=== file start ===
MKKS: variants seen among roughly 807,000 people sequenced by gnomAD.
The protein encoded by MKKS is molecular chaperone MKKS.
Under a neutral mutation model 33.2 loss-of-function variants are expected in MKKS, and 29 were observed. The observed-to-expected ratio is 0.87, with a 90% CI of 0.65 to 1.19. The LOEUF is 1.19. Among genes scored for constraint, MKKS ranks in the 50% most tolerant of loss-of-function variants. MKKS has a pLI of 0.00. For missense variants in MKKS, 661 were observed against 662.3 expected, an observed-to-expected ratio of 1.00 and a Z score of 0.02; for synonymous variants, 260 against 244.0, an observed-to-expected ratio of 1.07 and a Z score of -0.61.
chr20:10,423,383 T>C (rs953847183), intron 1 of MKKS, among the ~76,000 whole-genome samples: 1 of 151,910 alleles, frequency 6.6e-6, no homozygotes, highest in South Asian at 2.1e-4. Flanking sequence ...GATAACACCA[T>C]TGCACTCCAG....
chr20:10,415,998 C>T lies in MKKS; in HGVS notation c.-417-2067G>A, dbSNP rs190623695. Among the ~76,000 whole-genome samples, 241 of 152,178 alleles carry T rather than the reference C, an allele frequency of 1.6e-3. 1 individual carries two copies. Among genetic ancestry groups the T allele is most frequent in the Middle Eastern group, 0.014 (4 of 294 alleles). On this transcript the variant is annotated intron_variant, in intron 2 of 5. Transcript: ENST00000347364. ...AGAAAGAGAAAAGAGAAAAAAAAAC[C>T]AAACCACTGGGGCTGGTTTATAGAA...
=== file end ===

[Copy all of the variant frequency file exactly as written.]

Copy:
MKKS: variants seen among roughly 807,000 people sequenced by gnomAD.
The protein encoded by MKKS is molecular chaperone MKKS.
Under a neutral mutation model 33.2 loss-of-function variants are expected in MKKS, and 29 were observed. The observed-to-expected ratio is 0.87, with a 90% CI of 0.65 to 1.19. The LOEUF is 1.19. Among genes scored for constraint, MKKS ranks in the 50% most tolerant of loss-of-function variants. MKKS has a pLI of 0.00. For missense variants in MKKS, 661 were observed against 662.3 expected, an observed-to-expected ratio of 1.00 and a Z score of 0.02; for synonymous variants, 260 against 244.0, an observed-to-expected ratio of 1.07 and a Z score of -0.61.
chr20:10,423,383 T>C (rs953847183), intron 1 of MKKS, among the ~76,000 whole-genome samples: 1 of 151,910 alleles, frequency 6.6e-6, no homozygotes, highest in South Asian at 2.1e-4. Flanking sequence ...GATAACACCA[T>C]TGCACTCCAG....
chr20:10,415,998 C>T lies in MKKS; in HGVS notation c.-417-2067G>A, dbSNP rs190623695. Among the ~76,000 whole-genome samples, 241 of 152,178 alleles carry T rather than the reference C, an allele frequency of 1.6e-3. 1 individual carries two copies. Among genetic ancestry groups the T allele is most frequent in the Middle Eastern group, 0.014 (4 of 294 alleles). On this transcript the variant is annotated intron_variant, in intron 2 of 5. Transcript: ENST00000347364. ...AGAAAGAGAAAAGAGAAAAAAAAAC[C>T]AAACCACTGGGGCTGGTTTATAGAA...